Countering Poaching of Amur Tigers

 

Patrol teams operating in protected areas use various transport means, including all-terrain vehicles, snowmobiles, four-wheel drive vehicles, boats and motorbikes. Analysis of patrol monitoring data show that foot patrols are most effective in detecting and apprehending poachers, but trespassing tourists are most often found during vehicle patrols. 


A "SMART Approach” for improving protection of Amur tigers and leopards in protected areas in Russia 

The most immediate threats to tigers and leopards in Russia, as elsewhere in Asia, are direct poaching, prey depletion (another form of poaching), or a combination of the two. Consequently, eliminating or reducing poaching pressure has become a top priority for securing a future for tigers and leopards in the wild.

Probably the most successful method to aid anti-poaching efforts, known as the "SMART Approach," combines monitoring patrols of rangers and an adaptive management cycle to improve efforts and results of these patrols. WCS is a member of the SMART Partnership of international conservation organizations that developed the SMART software program for storage, analysis and reporting of ranger-collected data on illegal activities, wildlife and patrol routes. The partnership has been very successful in promoting and supporting application of SMART worldwide. According to the partnership’s 2016 annual report, 350 terrestrial and marine conservation sites in 46 countries have implemented SMART-based patrol management to protect wildlife that suffers from poaching (e.g., tigers, elephants and rhinos) and their habitat. 

WCS Russia was an “early adaptor” of SMART (and its earlier iteration called MIST), when we first designed a system for patrol monitoring and management in Amur tiger habitat in the Russian Far East as early as 2007. Our first field tests were conducted by a law enforcement team in 2008 and 2009. Before the start of our program, SMART had not yet been tried in Russia.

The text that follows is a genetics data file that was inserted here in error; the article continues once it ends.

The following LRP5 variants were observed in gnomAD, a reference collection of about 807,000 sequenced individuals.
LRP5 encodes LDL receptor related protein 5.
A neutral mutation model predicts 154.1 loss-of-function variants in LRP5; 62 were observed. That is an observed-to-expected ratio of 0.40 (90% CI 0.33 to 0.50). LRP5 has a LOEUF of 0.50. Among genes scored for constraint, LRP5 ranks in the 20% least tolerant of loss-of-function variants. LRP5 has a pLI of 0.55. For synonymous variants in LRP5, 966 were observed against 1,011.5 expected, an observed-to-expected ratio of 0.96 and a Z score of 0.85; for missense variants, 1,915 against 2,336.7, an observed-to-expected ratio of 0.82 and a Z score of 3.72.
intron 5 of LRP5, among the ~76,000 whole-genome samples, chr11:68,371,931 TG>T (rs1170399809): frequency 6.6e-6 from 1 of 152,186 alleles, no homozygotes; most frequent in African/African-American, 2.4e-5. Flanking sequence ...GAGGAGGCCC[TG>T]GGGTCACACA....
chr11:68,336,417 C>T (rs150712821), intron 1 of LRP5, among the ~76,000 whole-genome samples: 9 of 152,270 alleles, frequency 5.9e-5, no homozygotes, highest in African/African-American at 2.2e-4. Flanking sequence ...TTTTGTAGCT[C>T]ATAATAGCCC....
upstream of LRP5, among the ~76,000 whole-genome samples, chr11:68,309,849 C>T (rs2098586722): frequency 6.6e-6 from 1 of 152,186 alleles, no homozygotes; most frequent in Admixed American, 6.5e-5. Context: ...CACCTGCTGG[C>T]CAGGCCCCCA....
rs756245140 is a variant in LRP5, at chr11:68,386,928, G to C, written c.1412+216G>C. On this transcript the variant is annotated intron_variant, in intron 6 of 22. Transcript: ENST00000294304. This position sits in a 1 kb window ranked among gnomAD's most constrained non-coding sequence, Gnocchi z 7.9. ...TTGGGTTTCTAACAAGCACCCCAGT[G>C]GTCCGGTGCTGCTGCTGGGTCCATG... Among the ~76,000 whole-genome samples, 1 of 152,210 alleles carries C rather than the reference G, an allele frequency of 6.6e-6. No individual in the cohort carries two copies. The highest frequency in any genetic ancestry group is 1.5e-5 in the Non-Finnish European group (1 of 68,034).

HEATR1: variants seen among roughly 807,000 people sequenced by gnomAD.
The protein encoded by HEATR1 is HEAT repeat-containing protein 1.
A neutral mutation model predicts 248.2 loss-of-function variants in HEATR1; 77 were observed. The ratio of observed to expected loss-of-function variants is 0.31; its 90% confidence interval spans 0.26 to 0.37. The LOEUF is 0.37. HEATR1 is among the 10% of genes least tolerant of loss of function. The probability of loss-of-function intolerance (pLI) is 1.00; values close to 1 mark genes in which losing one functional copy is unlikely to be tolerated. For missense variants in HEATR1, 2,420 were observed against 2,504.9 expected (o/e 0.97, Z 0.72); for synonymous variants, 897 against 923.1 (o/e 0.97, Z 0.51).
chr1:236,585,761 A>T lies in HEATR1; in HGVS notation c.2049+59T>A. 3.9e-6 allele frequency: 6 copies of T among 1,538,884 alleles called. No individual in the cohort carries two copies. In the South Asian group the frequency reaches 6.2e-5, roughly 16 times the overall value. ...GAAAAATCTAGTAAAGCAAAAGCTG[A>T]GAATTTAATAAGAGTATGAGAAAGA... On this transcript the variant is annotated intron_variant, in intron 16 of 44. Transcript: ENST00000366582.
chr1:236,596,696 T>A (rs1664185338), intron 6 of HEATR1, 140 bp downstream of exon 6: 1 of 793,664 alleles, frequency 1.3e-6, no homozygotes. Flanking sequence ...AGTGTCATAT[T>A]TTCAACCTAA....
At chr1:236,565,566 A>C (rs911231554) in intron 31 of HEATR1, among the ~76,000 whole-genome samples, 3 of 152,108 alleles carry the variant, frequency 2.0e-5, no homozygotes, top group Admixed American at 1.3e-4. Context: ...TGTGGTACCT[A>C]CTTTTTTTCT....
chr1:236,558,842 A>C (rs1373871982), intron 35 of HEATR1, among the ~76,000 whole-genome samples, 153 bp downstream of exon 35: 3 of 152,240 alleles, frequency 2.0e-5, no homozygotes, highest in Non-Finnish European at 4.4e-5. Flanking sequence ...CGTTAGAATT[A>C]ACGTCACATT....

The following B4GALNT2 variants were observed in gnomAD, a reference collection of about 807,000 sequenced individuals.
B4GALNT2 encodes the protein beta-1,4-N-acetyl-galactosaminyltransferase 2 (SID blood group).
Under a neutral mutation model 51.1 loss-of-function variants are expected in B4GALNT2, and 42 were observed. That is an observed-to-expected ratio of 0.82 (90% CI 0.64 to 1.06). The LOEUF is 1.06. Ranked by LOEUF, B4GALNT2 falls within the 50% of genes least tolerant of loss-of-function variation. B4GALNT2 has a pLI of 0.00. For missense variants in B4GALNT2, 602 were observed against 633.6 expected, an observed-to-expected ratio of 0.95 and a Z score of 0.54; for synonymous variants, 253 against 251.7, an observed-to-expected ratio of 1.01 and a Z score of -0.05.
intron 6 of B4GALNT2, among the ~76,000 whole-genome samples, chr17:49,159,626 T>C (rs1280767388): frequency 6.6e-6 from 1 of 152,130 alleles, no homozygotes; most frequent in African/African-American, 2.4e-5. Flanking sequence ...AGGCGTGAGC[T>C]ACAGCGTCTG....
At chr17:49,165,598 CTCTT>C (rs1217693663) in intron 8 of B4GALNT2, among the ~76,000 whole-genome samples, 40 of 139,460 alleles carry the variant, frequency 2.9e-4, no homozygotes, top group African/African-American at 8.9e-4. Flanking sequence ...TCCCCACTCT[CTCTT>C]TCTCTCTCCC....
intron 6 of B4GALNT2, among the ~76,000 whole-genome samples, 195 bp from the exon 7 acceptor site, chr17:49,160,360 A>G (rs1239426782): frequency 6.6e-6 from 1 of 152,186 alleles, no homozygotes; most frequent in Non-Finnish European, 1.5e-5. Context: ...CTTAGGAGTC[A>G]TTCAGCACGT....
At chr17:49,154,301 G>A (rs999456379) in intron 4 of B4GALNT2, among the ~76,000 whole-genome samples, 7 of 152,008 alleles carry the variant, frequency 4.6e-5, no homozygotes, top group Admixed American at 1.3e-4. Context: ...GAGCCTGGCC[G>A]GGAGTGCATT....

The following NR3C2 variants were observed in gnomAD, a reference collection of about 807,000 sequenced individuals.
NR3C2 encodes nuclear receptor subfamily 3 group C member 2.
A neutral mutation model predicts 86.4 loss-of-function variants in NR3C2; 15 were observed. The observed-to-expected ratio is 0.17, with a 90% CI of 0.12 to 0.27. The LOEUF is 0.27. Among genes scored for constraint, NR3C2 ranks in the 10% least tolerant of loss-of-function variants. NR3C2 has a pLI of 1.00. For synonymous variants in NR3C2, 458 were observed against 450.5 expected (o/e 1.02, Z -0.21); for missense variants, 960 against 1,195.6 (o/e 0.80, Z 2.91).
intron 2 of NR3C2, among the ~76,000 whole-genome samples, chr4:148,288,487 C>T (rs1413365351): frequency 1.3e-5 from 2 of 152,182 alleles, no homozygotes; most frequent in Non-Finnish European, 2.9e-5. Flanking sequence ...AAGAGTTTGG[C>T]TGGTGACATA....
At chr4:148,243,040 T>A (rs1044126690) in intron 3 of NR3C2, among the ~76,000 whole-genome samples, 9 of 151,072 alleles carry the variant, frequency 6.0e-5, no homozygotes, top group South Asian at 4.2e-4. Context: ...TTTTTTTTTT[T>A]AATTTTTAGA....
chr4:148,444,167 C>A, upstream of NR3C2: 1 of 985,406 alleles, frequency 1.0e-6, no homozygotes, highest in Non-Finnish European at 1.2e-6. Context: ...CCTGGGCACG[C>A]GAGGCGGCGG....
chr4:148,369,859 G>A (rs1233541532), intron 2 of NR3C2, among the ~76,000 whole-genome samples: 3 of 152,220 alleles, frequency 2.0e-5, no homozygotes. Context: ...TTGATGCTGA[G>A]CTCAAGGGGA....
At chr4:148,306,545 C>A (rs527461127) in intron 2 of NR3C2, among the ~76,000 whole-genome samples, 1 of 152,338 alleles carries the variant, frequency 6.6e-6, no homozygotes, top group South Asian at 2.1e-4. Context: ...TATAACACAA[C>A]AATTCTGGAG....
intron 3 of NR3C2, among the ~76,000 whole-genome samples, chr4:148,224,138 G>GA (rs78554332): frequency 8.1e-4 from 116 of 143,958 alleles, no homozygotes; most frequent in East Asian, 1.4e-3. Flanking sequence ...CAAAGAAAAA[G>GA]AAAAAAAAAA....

The long-term goal of our SMART-based program (illustrated here
) is to increase tiger, leopard, and prey populations in the Russian Far East.  

To meet this goal, we have worked since 2010 with the management of seven protected areas in the Russian Far East and together introduced the SMART Approach in order to improve effort and effectiveness of anti-poaching patrols. Our focus has specifically been on protected areas as they represent core breeding habitat; safe places where tigers can live and breed, and young can disperse to settle suitable habitat outside of protected areas.

When we began rolling out the program in 2010, we initially focused on two protected areas: Land of the Leopard National Park and Lazovskii Zapovednik. By 2017, given our demonstrated successes and subsequent invitations to new locations, we are now collaborating with seven protected areas in Russia that sustain tigers (in addition to the above, Zov Tigra National Park, Sikhote-Alin Biosphere Reserve, Ussuriiskii Zapovednik, Annuiiskii National Park and Bikin National Park). Our newest site is the Bikin National Park where we started working in May 2017. This park, just created in November 2015, is the largest protected area with tigers anywhere in the world. With its size of 11,605 km2 (4,481 square miles) it is almost three times larger than the Sikhote-Alin Biosphere Reserve, now our second largest program site.